[A] powerful and ambitious book. [Kateb] provides a sterling example of one of the most challenging of genres, the philosophic essay. He writes not just for other scholars but for anyone who loves to think. I won't mislead you by pretending that Human Dignity is easy and pleasant. It is demanding and pleasant, the pleasures being those of an argument that illuminates an important subject...No brief review could do justice to its bold amplitude, its intriguing twists, its problems and provocations. -- Clifford Orwin Globe and Mail 20110311 [Kateb] suggests that the idea of dignity is essential to the idea of human rights. By this he means that human rights are in fact derived from human dignity, which is not some spurious moral precept but an integral part of the human condition. For Kateb, dignity is not, at root, a moral phenomenon but an existential one...It is refreshing to read a work of philosophy that tries to restore some pride to our rather jaded species...Human Dignity...attempts to give human beings their due, not in any spirit of self-congratulation but so that we may build a better life for all. -- Richard King The Australian 20110326Reseña del editor:
We often speak of the dignity owed to a person. And dignity is a word that regularly appears in political speeches. Charters are promulgated in its name, and appeals to it are made when people all over the world struggle to achieve their rights. But what exactly is dignity? When one person physically assaults another, we feel the wrong demands immediate condemnation and legal sanction. Whereas when one person humiliates or thoughtlessly makes use of another, we recognize the wrong and hope for a remedy, but the social response is less clear. The injury itself may be hard to quantify. Given our concern with human dignity, it is odd that it has received comparatively little scrutiny. Here, George Kateb asks what human dignity is and why it matters for the claim to rights. He proposes that dignity is an 'existential' value that pertains to the identity of a person as a human being. To injure or even to try to efface someone's dignity is to treat that person as not human or less than human - as a thing or instrument or subhuman creature. Kateb does not limit the notion of dignity to individuals but extends it to the human species. The dignity of the human species rests on our uniqueness among all other species. In the book's concluding section, he argues that despite the ravages we have inflicted on it, nature would be worse off without humanity. The supremely fitting task of humanity can be seen as a 'stewardship' of nature. This secular defense of human dignity - the first book-length attempt of its kind - crowns the career of a distinguished political thinker.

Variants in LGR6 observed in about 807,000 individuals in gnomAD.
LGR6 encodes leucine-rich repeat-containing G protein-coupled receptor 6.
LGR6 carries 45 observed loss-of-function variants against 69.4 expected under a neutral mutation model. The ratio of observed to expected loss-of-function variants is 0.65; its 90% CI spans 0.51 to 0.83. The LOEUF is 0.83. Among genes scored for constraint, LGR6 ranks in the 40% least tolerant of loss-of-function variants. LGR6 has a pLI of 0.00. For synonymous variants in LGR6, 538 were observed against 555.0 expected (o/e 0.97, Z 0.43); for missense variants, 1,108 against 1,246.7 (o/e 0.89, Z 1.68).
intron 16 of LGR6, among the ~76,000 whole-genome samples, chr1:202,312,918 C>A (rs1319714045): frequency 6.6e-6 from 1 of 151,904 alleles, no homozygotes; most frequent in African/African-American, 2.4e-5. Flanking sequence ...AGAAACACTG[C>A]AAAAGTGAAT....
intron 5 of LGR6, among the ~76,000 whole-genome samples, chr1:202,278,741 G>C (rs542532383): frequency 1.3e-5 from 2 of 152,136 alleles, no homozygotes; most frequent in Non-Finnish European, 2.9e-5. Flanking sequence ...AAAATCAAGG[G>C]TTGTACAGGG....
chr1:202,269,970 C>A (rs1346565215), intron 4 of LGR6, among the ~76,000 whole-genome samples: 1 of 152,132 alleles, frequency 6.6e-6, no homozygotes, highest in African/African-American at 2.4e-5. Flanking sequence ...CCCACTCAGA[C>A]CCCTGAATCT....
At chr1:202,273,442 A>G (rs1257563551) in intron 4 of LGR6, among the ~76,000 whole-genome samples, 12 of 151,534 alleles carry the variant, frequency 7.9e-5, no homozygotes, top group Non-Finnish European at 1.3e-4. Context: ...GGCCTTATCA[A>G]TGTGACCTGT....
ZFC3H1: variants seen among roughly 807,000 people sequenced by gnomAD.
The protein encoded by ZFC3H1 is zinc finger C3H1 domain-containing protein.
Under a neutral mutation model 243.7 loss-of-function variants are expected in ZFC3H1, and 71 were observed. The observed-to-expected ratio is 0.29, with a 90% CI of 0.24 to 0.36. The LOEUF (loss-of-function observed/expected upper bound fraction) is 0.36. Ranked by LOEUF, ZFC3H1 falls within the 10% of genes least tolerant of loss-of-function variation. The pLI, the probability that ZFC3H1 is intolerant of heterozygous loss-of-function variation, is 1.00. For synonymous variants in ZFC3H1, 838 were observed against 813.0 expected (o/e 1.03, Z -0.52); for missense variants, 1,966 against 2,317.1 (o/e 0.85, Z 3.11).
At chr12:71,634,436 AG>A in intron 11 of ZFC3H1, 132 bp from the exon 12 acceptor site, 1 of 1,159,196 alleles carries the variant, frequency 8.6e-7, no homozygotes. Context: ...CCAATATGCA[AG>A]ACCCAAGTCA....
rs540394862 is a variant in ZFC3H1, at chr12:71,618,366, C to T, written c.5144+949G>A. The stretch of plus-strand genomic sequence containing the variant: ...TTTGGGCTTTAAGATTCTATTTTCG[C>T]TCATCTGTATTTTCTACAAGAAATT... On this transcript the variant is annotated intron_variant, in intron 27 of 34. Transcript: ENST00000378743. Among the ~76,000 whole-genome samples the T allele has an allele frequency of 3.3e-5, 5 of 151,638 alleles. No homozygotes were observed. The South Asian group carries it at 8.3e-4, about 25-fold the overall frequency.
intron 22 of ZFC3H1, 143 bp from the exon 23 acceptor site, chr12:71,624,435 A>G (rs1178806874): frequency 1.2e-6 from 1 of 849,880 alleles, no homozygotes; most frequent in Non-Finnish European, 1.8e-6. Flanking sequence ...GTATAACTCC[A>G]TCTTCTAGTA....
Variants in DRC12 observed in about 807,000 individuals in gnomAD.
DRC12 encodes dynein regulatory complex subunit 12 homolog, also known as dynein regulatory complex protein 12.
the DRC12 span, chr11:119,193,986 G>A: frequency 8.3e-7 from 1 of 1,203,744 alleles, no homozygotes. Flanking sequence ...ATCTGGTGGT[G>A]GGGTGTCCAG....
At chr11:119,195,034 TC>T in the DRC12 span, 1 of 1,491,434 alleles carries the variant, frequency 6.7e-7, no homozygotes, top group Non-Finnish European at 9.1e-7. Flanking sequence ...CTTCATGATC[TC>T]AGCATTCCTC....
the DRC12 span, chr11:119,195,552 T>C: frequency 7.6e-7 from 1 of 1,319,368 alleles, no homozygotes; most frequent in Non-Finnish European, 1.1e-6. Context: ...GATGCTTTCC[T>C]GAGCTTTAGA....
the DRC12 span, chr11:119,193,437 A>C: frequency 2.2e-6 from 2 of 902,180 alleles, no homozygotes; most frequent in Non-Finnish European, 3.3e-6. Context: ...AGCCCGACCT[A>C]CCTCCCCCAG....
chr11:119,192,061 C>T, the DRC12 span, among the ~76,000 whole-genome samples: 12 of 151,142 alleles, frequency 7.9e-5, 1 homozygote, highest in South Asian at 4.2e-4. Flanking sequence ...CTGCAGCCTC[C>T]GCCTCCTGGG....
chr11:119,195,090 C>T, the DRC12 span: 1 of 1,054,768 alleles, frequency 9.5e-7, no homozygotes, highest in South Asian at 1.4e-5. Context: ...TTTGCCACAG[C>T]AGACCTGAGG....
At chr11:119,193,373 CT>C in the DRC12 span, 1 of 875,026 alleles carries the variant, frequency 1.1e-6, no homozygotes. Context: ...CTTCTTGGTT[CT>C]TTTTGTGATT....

"Sobre este título" puede pertenecer a otra edición de este libro.
Descripción Belknap Press, 2011. Hardcover. Estado de conservación: New. Brand new gift quality hardcover Please email for photos. Larger books or sets may require additional shipping charges. Books sent via US Postal. Nº de ref. de la librería 76142
Descripción Harvard Univ Press. Estado de conservación: BRAND NEW. BRAND NEW Hardcover A Brand New Quality Book from a Full-Time Bookshop in business since 1992!. Nº de ref. de la librería 2363561
Descripción Belknap Press of Harvard University Press, 2011. Hardcover. Estado de conservación: New. Nº de ref. de la librería DADAX0674048377
Descripción Belknap Press, 2011. Hardcover. Estado de conservación: New. book. Nº de ref. de la librería 0674048377
Descripción Belknap Pr, 2011. Hardcover. Estado de conservación: Brand New. 1st edition. 256 pages. 9.00x6.25x1.00 inches. In Stock. Nº de ref. de la librería __0674048377
Descripción Estado de conservación: Brand New. Book Condition: Brand New. Nº de ref. de la librería 97806740483791.0
Descripción Belknap Press, 2011. Hardcover. Estado de conservación: New. Nº de ref. de la librería P110674048377